I just ordered and am very excited to soon be reading, The Power of the Past: Understanding Cross-Class Marriages by Jessi Streib. Books about marriage are plentiful but an ethnographic account of cross-class marriages is something new. If you click this link, it will direct you to a Washington Post article written by Streib that gives you a … Continue reading How Class Differences Shape Love and Marriage
In the fifth segment of the fantastic book Cloud Atlas, David Mitchell paints a picture of a future in “Corprocratic” (and post-apocalyptic) Neo Seoul, where its bored, spoiled citizens thrive on gallerias and franchises and are legally required to consume products. In Mitchell’s rationalized future, a surplus of deskilled “fabricants” perform the grunt labor of … Continue reading Corporatocracy and the McDonaldization of Work in Higher Education
Have you been watching the Breaking Bad prequel, Better Call Saul? I have and I love it. I swear, Vince Gilligan is a modern-day Rod Serling, nobody since Serling's Twilight Zone has been able to create a morality play like Mr. Gilligan and his crew (the general theme: "be careful what you wish for, you just might get it"). … Continue reading Money Changes Everything: The Ascent of Walter White
Re-posted from a blog by Julie here at e.com last fall, 2014. Thanks to Les Back at The Sociological Review for the inspiration. It’s the holidays and I’m feeling nostalgic, thinking about this time 14 years ago when I was just finishing up my first semester at CSU, Chico. I was a 34-year old college … Continue reading R.I.P. Sociology?
published December 15, 2014 in the Synthesis (no longer in print) The Boondocks Mountain House and Brush Creek are part of an unincorporated area 25 miles or so east of Oroville, California. They are tiny burgs off the old Oroville-Quincy Highway, on the way to Buck’s Lake Wilderness, Quincy, and countless outdoor opportunities in Plumas … Continue reading A Season of Homicides: What Happened to Marc Thompson?
Yesterday was the six-month anniversary of my friend Marc Thompson's murder. Marc was a good friend of mine and a former Sociology student. A few years ago, we made a documentary together called If These Halls Could Talk. The movie also starred our mutual friend Joe Rogers. Like Marc, Joe is a Soc major and in addition to … Continue reading What Happened to Marc Thompson?
I started adjuncting in spring 2006, about two weeks after turning in my MA thesis at California State University, Chico. I was hired to teach sociology by an Anthropology professor I'd taken in grad school who was also the chair of the social and behavioral sciences (SBS) department at Butte Community College. I reread my … Continue reading National Adjunct Walkout Day #NAWD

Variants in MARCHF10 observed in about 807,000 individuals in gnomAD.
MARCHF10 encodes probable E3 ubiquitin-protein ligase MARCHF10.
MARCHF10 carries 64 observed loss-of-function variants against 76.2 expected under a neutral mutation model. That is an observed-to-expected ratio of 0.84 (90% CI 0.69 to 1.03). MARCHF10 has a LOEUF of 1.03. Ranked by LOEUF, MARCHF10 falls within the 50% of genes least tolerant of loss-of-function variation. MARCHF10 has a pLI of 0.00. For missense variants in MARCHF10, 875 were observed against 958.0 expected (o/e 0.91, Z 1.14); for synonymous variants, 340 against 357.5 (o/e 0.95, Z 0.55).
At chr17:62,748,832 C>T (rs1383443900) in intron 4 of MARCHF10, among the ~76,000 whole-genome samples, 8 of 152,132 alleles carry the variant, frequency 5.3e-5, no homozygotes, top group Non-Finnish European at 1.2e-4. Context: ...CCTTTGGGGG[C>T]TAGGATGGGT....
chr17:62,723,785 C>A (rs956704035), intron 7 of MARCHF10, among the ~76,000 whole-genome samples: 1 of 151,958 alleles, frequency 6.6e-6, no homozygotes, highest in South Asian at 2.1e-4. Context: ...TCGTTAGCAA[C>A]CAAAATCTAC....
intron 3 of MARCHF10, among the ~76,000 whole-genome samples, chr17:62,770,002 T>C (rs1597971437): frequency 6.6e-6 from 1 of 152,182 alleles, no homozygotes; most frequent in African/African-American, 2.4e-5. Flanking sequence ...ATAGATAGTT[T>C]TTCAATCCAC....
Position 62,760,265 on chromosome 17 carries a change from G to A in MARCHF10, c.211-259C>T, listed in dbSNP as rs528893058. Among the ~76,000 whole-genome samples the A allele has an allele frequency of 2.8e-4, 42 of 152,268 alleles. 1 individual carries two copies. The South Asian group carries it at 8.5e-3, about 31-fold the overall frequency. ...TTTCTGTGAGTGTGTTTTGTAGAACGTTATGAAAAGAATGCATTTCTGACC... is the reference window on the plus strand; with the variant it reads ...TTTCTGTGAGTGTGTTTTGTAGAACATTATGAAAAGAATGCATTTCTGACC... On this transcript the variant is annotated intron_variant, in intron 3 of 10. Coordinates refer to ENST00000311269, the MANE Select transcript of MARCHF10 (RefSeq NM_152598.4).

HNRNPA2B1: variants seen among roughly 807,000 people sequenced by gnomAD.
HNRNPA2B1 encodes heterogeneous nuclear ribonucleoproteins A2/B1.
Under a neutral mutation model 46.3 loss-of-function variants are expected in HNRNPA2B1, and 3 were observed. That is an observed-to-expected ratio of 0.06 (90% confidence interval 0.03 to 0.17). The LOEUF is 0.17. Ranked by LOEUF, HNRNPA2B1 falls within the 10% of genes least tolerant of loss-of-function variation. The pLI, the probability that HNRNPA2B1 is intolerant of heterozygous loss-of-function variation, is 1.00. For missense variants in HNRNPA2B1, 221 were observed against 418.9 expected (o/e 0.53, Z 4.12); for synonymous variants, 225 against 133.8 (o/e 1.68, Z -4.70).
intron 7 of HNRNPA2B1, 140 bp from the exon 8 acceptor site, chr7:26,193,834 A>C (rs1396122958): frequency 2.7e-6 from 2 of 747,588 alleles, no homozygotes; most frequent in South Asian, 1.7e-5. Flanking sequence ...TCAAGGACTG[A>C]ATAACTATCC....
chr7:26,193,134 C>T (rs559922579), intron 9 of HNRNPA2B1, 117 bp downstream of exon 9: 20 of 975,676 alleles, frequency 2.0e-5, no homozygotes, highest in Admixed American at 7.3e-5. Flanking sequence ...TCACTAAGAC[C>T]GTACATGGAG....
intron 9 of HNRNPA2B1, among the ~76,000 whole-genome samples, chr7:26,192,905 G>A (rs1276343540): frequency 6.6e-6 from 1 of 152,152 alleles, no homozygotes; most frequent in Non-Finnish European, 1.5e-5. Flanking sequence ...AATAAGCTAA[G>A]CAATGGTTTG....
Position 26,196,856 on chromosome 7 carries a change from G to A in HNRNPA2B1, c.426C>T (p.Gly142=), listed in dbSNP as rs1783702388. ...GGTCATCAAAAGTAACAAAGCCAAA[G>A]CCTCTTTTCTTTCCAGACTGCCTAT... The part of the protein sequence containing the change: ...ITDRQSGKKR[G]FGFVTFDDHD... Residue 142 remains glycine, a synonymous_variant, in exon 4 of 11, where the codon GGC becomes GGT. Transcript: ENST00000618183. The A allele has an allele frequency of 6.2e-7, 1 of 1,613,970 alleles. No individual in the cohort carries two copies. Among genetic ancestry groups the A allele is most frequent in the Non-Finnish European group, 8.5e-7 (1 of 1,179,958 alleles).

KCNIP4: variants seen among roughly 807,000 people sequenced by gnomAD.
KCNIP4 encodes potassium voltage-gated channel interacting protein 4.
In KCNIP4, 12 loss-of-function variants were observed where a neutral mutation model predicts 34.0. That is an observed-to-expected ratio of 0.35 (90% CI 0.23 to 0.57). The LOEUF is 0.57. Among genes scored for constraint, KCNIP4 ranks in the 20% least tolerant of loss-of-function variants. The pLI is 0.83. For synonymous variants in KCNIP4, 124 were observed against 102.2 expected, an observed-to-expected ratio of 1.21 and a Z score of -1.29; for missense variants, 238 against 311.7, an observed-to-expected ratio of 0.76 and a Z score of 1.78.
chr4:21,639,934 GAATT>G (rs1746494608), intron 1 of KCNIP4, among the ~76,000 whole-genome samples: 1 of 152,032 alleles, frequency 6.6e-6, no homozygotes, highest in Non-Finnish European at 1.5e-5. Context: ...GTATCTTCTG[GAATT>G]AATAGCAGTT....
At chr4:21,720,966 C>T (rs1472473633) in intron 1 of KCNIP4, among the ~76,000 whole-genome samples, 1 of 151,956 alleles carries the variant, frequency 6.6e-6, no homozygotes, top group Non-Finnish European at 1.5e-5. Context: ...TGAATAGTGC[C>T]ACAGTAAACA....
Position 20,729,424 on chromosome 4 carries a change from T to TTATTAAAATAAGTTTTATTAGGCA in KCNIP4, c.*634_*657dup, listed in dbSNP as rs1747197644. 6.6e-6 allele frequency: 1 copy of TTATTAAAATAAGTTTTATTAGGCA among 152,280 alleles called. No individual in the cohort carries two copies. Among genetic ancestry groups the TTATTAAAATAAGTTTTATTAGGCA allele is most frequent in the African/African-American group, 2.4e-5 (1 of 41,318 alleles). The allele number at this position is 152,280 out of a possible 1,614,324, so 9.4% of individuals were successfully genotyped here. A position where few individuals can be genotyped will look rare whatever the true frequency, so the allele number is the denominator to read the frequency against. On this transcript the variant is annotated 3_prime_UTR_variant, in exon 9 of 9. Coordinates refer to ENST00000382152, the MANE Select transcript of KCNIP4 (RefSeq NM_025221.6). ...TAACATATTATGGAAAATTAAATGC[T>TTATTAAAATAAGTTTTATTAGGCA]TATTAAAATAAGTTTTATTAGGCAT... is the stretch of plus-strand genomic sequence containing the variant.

This originally appeared on the Working-Class perspectives blog at this link. Given the continuing stigma of community college education, it's important we support community college students. You can read more about the community college/real college divide here. Recently, a friend asked me whether I’d encourage my own children (if I had them) to attend a … Continue reading Why Community College is Still the Best Bet for Working Class Students
"My own sex, I hope, will excuse me, if I treat them like rational creatures, instead of flattering their fascinating graces, and viewing them as if they were in a perpetual state of childhood, unable to stand alone." -Mary Wollstonecraft Since writing about class and feminism here a couple of weeks ago, I've been booked … Continue reading Mother Hens and Nice Girls: How Gender and Class Show Up at Work
To me, a professor that effectively teaches about race and ethnic relations (as they play out in the U.S.) is as valuable as any Physics or History prof. We aren't always seen that way (by White administrators, conservative White students, and many of our White communities), but after teaching this topic every semester for six years, I … Continue reading Teaching Ferguson
Post-traumatic stress disorder (PTSD) was unheard of when Erving Goffman published Stigma in 1963. It was first identified as shell shock (WWI) and later as combat stress reaction (WWII), always associated with the trauma of battle. Now, we know that PTSD can arise from experiencing a natural disaster, rape, child abuse, racism, a serious car … Continue reading Trauma Culture: Who’s a “Normal” Now?
It's Monday and I don't know what you did this weekend but I finished one book (Americanah) and started another (Descent). Since I quit teaching, reading has returned as my favorite thing to do. I always had the time but never took it, something about the frenzy of teaching that made it so I could … Continue reading The Best Book of the 21st Century (so far)